Congestion control in wireless links based on selective delivery of erroneous packets

Publication: Research - peer-reviewJournal article – Annual report year: 2011

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Traditionally, congestion control in packet networks is performed by reducing the transmission rate when congestion is detected, in order to cut down the traffic that overwhelms the capacity of the network. However, if the bottleneck is a wireless link, congestion is often cumulated because of retransmissions derived from bit errors. In this case, it might be beneficial to allow delivery of partly corrupted packets up to the application layer instead of reducing the transmission rate. This would decrease the number of retransmissions in the link layer and therefore relieve congestion, but at the cost of bit errors appearing in the packet payload. In this paper, we study a congestion control mechanism for streaming applications that combines traditional congestion control with selective link layer partial checksumming allowing bit errors in the less sensitive parts of data. We have compared the performance of the proposed mechanism against traditional congestion control with a simulation study. The results show that the proposed approach can improve the overall performance both by increasing the throughput over the wireless and improving the video quality in terms of peak signal-to-noise ratio (PSNR) by up to 8 dB, depending on the error conditions and the content.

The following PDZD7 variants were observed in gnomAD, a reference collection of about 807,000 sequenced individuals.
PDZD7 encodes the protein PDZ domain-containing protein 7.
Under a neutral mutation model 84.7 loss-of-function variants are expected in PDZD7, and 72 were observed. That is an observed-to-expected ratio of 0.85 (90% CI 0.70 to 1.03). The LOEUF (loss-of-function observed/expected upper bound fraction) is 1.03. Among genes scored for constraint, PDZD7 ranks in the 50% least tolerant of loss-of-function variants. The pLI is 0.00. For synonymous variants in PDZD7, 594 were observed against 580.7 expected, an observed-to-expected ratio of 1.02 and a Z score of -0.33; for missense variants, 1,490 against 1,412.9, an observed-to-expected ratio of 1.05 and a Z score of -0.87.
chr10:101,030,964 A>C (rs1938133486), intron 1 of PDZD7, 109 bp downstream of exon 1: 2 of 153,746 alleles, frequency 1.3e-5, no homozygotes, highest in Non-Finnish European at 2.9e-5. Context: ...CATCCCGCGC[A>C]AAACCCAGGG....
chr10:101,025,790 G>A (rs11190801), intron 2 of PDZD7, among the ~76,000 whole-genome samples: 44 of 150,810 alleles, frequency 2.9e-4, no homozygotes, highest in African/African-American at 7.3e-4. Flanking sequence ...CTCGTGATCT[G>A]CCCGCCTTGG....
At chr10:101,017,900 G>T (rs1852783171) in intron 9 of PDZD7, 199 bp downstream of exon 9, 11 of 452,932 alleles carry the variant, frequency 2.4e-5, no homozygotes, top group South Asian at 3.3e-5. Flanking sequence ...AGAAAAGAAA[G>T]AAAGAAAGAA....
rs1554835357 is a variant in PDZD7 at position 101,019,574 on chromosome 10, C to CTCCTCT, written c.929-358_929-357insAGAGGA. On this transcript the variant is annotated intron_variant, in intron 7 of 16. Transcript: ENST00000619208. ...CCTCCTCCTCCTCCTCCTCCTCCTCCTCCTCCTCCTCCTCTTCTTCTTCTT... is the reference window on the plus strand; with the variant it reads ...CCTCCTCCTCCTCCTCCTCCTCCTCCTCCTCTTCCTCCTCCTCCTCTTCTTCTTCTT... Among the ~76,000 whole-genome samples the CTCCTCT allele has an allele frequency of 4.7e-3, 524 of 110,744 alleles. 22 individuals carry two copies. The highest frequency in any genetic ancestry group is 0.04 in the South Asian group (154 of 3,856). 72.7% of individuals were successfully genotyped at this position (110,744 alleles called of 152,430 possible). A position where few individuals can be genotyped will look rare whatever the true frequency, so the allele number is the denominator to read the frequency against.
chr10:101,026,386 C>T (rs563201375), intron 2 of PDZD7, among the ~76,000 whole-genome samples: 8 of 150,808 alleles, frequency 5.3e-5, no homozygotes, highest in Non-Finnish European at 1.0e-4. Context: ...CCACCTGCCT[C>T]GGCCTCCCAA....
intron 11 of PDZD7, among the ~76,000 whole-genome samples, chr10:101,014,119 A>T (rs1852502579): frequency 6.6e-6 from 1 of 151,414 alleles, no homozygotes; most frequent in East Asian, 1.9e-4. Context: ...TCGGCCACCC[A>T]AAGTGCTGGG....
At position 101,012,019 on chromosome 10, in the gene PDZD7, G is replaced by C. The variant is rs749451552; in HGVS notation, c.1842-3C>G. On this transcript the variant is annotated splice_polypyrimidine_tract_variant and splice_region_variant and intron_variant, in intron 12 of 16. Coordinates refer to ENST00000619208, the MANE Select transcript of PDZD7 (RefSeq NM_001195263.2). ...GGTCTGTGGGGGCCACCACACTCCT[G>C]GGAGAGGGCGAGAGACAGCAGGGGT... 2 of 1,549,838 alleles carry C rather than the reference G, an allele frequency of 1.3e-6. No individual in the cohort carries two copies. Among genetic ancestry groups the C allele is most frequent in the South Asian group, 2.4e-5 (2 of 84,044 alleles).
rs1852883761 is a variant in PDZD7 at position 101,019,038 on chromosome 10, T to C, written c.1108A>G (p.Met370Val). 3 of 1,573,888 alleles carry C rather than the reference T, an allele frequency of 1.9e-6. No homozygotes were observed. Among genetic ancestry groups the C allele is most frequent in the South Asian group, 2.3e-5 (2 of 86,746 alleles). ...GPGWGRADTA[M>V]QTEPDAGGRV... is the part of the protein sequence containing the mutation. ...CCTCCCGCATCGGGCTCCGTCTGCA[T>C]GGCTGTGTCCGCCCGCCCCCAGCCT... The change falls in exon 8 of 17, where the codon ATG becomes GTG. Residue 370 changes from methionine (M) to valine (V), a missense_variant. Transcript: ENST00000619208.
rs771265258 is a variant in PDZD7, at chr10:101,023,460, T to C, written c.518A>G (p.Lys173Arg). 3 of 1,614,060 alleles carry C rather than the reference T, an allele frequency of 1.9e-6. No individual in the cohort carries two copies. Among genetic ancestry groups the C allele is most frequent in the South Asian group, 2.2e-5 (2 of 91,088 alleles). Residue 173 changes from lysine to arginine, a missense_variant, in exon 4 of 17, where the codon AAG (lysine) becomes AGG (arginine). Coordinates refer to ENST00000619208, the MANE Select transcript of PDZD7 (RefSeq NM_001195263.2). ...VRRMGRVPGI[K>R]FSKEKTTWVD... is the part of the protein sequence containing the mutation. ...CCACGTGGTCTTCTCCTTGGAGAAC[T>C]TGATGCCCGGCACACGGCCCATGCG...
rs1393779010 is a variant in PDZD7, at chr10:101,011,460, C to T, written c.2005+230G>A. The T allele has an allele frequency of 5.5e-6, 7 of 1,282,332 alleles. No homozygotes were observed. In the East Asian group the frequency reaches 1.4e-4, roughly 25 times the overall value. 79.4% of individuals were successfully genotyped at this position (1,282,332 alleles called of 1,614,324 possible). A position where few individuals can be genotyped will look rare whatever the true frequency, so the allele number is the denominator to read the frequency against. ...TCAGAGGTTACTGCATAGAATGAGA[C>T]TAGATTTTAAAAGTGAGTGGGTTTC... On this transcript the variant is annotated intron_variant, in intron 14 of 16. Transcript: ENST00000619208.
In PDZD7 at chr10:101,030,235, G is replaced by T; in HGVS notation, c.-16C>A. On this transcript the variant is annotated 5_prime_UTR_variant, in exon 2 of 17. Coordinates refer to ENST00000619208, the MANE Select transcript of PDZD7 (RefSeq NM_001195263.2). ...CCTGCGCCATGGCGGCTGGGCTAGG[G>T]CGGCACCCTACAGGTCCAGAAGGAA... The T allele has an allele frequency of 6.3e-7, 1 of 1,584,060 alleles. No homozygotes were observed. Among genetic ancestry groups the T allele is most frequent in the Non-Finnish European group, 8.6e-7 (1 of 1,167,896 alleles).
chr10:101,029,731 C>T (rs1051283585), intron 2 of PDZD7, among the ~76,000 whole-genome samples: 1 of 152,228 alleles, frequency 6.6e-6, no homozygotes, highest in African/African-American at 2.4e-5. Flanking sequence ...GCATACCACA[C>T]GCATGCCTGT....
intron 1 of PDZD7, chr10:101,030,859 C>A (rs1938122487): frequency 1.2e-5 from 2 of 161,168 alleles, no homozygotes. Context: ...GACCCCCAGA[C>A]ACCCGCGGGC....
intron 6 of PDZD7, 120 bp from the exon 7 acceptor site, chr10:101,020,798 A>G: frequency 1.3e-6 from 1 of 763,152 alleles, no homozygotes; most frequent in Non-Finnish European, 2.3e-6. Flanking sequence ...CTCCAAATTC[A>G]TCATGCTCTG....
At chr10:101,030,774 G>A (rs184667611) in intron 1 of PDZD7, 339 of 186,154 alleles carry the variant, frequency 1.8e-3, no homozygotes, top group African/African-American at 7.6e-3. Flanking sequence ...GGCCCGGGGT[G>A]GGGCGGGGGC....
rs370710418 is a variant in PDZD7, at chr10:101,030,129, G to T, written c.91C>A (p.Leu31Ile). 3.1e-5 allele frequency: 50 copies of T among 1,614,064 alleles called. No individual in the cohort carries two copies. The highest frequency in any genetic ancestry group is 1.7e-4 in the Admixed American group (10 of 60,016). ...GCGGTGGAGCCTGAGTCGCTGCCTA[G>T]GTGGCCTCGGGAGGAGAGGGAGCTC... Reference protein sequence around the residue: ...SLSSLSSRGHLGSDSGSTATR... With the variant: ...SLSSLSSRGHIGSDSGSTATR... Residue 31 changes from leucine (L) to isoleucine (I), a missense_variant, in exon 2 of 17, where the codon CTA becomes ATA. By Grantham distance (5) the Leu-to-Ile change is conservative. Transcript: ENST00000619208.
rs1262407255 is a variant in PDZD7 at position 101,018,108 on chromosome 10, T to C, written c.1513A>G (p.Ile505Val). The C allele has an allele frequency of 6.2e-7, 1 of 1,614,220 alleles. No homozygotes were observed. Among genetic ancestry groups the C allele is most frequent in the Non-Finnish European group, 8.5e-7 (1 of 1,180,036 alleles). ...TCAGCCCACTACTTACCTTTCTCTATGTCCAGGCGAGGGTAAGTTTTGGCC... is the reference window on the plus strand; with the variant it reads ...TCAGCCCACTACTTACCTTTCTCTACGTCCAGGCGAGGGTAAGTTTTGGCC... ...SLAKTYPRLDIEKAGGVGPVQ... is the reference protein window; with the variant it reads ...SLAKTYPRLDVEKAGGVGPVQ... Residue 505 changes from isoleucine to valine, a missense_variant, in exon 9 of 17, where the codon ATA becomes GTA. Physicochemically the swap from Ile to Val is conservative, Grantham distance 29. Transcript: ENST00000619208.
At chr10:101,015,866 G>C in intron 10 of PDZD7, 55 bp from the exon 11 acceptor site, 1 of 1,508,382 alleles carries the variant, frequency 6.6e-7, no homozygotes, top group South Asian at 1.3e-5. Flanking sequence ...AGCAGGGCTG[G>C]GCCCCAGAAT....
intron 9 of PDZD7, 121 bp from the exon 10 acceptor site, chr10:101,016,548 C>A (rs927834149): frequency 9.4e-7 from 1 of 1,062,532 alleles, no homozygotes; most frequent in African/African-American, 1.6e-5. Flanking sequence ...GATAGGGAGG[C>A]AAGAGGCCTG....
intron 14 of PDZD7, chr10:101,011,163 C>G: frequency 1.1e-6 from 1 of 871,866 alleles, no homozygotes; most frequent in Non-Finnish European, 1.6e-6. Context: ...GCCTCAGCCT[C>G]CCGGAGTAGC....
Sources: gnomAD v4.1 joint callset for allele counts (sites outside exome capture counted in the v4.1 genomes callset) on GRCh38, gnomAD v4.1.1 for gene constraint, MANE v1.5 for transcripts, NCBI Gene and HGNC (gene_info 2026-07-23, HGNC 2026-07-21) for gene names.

Original languageEnglish
JournalSignal Processing: Image Communication
Issue number2
Pages (from-to)105-115
StatePublished - 2011
CitationsWeb of Science® Times Cited: 1
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